blz - 8 months ago 24

Python Question

I'm trying to make a special kind of grating called a Gabor patch, an example of which can be found at the bottom of this tutorial whose code I ported to python.

Using matplotlib's

`imshow`

While the coloring is different, I suspect that this has to do with how matplotlib displays numerical values. In essence, this image is a 2D, 100-by-100 pixel array containing values from

`-1.0`

`1.0`

- The coloring is converted to grayscale coloring (
*c.f.*: the last image in the first link) - The solution must employ pygame version . For some inexplicable reason, I can't find a way to install
`1.9.1release`

on my OS (Ubuntu 13.04). There appear to be no PPAs and pygame is evidently not on PIP.`1.9.2`

Thank you very much in advance, and please let me know if I can provide additional information!

Regarding @Veedrac's solution (which is remarkably similar to my own), here is what my patch looks like when using the grayscale colormap in matplotlib's

`imshow`

`from matplotlib.pyplot import *`

import matplotlib.cm as cm

figure()

imshow(g, cm=cm.Greys_r)

show()

Answer

```
import numpy
import pickle
import pygame
surface = pygame.Surface((100, 100))
```

Get the pixels, convert to RGBA. Using Joe Kington's reminder that the data ranges from -1 to 1:

```
base = (pickle.load(open("g.pickle"))+1)/2 * 255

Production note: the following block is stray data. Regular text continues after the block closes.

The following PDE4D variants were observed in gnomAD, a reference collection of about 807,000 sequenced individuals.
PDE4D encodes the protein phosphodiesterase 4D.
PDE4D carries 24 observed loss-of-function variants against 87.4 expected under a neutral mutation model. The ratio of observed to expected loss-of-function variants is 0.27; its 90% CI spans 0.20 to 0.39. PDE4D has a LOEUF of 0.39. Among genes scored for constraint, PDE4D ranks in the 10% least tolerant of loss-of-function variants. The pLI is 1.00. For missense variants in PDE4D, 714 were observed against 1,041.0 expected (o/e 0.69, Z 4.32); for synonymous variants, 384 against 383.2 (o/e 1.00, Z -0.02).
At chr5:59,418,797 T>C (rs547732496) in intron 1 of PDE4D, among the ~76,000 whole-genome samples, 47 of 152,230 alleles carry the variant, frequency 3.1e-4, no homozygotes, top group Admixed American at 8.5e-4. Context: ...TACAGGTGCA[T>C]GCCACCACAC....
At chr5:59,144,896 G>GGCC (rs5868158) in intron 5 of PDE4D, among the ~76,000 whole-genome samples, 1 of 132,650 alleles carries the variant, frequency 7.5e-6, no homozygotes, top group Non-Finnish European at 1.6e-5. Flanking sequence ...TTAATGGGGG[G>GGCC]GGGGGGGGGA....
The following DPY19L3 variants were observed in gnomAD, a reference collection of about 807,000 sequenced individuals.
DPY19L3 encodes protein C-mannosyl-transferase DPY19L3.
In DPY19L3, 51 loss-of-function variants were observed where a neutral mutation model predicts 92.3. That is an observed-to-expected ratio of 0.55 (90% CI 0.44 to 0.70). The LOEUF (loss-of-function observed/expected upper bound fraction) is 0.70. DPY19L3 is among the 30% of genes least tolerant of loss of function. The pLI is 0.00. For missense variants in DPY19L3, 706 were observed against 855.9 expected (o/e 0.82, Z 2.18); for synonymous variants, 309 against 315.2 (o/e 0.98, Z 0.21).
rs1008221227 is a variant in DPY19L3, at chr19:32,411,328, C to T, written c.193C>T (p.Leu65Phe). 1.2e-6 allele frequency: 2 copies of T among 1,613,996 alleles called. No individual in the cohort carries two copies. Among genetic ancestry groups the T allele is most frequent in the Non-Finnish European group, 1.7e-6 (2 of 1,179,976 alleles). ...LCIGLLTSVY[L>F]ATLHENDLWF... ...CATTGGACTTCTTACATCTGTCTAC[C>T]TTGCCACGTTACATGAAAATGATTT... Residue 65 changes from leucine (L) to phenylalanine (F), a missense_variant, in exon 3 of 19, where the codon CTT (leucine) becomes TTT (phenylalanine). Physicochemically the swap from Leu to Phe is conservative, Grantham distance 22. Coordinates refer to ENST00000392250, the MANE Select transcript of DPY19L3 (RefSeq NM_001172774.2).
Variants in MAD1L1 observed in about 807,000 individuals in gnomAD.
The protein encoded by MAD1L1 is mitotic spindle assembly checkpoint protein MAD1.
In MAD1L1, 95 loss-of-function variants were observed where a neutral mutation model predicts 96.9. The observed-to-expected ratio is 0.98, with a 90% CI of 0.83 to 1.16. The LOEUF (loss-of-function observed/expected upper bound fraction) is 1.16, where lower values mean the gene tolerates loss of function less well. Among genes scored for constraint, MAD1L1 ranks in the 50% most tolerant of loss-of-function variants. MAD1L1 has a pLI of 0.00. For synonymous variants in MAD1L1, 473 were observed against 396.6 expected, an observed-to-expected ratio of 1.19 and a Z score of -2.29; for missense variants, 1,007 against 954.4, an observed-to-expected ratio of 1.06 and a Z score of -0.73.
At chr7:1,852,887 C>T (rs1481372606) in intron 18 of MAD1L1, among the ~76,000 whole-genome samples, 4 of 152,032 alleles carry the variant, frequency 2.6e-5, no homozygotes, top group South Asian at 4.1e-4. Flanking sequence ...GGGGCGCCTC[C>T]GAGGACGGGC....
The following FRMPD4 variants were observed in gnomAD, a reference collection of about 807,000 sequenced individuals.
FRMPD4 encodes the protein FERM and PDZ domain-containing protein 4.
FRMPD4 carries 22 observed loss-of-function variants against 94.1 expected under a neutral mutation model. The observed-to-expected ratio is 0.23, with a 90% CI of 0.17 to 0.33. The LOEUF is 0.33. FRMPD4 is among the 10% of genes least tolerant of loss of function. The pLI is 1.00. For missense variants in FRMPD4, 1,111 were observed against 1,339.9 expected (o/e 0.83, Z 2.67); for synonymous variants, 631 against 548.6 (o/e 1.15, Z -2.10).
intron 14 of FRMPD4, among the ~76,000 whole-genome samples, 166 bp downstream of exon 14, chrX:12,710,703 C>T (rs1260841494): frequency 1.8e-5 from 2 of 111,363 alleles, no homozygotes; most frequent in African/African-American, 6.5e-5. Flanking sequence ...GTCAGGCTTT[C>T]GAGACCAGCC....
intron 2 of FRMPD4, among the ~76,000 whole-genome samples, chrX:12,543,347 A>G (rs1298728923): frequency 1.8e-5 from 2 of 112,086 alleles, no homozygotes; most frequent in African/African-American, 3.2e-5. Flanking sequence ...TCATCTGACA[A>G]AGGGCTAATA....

base = base[..., numpy.newaxis].repeat(4, -1).astype("uint8")
```

Copy the data across

```
numpy_surface = numpy.frombuffer(surface.get_buffer())
numpy_surface[...] = numpy.frombuffer(base)
del numpy_surface
```

Show it with:

```
screen = pygame.display.set_mode((100, 100))
screen.blit(surface, (0, 0))
pygame.display.flip()
```

and you get

And simplified, once again thanks to Joe Kington's input, using `make_surface`

:

```
import numpy
import pickle
import pygame
base = (pickle.load(open("g.pickle"))+1) * 128
base = base[..., None].repeat(3, -1).astype("uint8")
surface = pygame.surfarray.make_surface(base)
screen = pygame.display.set_mode((100, 100))
screen.blit(surface, (0, 0))
pygame.display.flip()
```

The `base[..., None]`

is normally spelt `base[..., numpy.newaxis]`

, but seeing as that was the only instance of `numpy`

I just "expanded the constant" so as to not need `numpy`

. It didn't work, though, as the code breaks if you don't import `numpy`

with a `IndexError: bytes to write exceed buffer size`

. Thanks, `numpy`

.

The `...`

means "the whole of all of the axis before this point", so you can replace `[3:2]`

, `[:, 3:2]`

and `[:, :, :, 3:2]`

with `[..., 3:2]`

. In fact, `...`

was introduced to Python for this very reason.

The `None`

, or `numpy.newaxis`

, slices a new axis (duh). This will transform `[a, b, c]`

into `[[a], [b], [c]]`

, for example. This is needed because we then `repeat`

along this new axis.

Basically, looking at one row, we have

```
114, 202, 143, ...
```

and we want

```
[114, 114, 114], [202, 202, 202], [143, 143, 143], ...
```

so our `[..., None]`

got us to

```
[114], [202], [143], ...
```

and we just `repeat`

`3`

times in axis `-1`

. Axis `-1`

is, of course, the last axis, which is the `numpy.newaxis`

.